Travelogue - Voyage to Spiti Valley on Royal Enfield
Snapshot: We at BikePortal love to do stuff differently, and in our quest to find serenity and adventure at the same time, we decided to travel to the Spiti Valley.
With the growing intrusion of technology in our lives, and the way we stay entangled between our professional and personal lives, there grows a desire to take some time off and spend it peacefully. And what can be better than the mighty Himalayas to escape to and gain inner peace. One such destination in the Himalayas is the Leh-Ladakh region, which has become a hub for thrill seekers, who drive all the way down to the region to see the mountains.
But we at BikePortal love to do stuff differently, and in our quest to find serenity and adventure at the same time, we decided to travel to the Spiti Valley, a remote area in the state of Himachal Pradesh, and more particularly to Kaza, the capital of Spiti. Instead of a four wheeler, we opted for a bike, which took the adventure to a whole new level, and gave the journey, a new perspective.
Here's our travelogue from Manali to Kaza on the Royal Enfield Bullet 500 and 350.
Manali is well connected with New Delhi and one can easily choose from many modes of transportation. There are AC and Volvo buses plying everyday and the journey takes about 14-15 hours. You can also take your own vehicle, be it a car or a bike, to Manali or catch a plane to Bhunter, some 60 kms away from Manali. We took a Volvo bus from New Delhi to Manali, to avoid fatigue.
The actual adventurous road starts from Manali. Kaza is situated 205 kms away from the city of Manali. There are only a couple of settlements enroute, apart from some tents for night stay. The road goes through two passes - Rohtang Pass, situated at 3,900 metres (50 kms from Manali) and Kunzum Pass, situated at 4,600 metres (130 kms from Manali). Losar is a small city, 60 kms before Kaza, Chandratal, a bit off the route area, offers tents to stay.
The difference between Kaza and Leh is that Kaza practically doesn't have any well-built road, and you can only find way through water streams and dirt tracks. We have segregated the road conditions along with the time taken for each region:
Manali to Rohtang: This is the only tarmac road that you will find during the whole ride. Rohtang is situated 52 kms away from Manali and it takes 2 hours to reach to the top. The road starts with some straight and winding roads, like in any hill station, with the last leg turning into hairpin loops. The road is wide enough and you will enjoy the ascent with the view.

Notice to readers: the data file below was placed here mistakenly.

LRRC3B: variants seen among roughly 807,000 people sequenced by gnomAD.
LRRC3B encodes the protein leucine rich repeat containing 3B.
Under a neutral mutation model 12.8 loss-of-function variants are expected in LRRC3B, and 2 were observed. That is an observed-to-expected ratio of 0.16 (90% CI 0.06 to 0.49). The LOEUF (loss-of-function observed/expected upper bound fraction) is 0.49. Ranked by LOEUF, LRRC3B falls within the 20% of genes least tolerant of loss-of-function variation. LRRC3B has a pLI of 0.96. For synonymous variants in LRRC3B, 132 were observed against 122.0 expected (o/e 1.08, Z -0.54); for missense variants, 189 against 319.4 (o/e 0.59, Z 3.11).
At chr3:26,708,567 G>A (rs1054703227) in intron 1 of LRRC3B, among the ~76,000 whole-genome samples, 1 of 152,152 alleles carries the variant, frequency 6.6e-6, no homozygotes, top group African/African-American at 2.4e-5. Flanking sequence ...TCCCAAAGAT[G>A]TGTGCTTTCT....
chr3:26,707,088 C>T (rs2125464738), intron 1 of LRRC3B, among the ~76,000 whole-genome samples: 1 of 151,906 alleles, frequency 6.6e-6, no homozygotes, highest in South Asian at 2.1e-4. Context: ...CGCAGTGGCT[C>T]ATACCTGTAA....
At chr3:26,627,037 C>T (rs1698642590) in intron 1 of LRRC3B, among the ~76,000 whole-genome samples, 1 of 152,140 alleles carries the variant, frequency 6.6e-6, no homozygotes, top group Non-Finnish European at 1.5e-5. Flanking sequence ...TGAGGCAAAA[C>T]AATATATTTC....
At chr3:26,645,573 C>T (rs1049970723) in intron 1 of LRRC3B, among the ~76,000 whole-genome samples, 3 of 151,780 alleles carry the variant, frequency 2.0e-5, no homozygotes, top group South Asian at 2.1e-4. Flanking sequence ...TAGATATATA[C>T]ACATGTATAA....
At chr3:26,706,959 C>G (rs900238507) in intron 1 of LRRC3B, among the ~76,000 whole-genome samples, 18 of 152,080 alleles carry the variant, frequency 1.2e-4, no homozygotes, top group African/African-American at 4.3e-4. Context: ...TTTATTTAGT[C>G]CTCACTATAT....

Rohtang to Gramphu: Gramphu is the place from where the roads for Leh and Kaza dissect. Situated some 11 kms from Rohtang, the road is in a bad shape and it's a steep descent as you come down from the Rohtang top to the valley. It takes 30-45 minutes to reach Gramphu.
Gramphu to Chatru: While most of the development is done for the road to Leh, the Kaza road is completely neglected and you can see the effect from Gramphu. The narrow mountain-cut road is nothing but a dirt track with water channels passing through various points. There's a lot of gravel on the track too. Chatru is a small establishment where you can find food and beds to rest. It's situated 18 kms from Gramphu and it may take you more than an hour to reach the place.
Chatru to Batal: We found this stretch of road the most gruesome as it is not a road but just a way that passes passes through the middle of a dried river. You will find boulders, stones, gravel and water passing throughout the route, and you have to be extra conscious while driving here. The stretch is more than 35 km long and it takes 2-3 hours to cover the stretch. Batal, like Chatru, has food and beds to stay.
Batal to Chandratal: Chandratal is a small lake among hills and most of the people go there by trekking. There's a road connecting Batal to Chadratal and is off the route to Kaza. If you are planning to visit the lake, you can take a halt in one of the three camps situated near the lake. The route is 13 kms in length and is the most dangerous one in terms of fatality rate. The narrow road can house only one car at a time, and is gravel- and sand-based track. It takes about an hour to reach the tents, though you will have to walk for another one hour to reach the lake.
Chandratal/Batal to Kunzum Pass: If you skip Chandratal, Kunzum Pass is only 8 kms from Batal and if you include Chandratal, it's 20 kms. The road is a steep ascent to the top at 4,600 metres, and is filled with ice, slush and water channels frozen to ice. Be very careful while riding on the ice as the tyres tend to slip. The road is wide enough and yet very dangerous. It'll take you more than an hour to reach the top.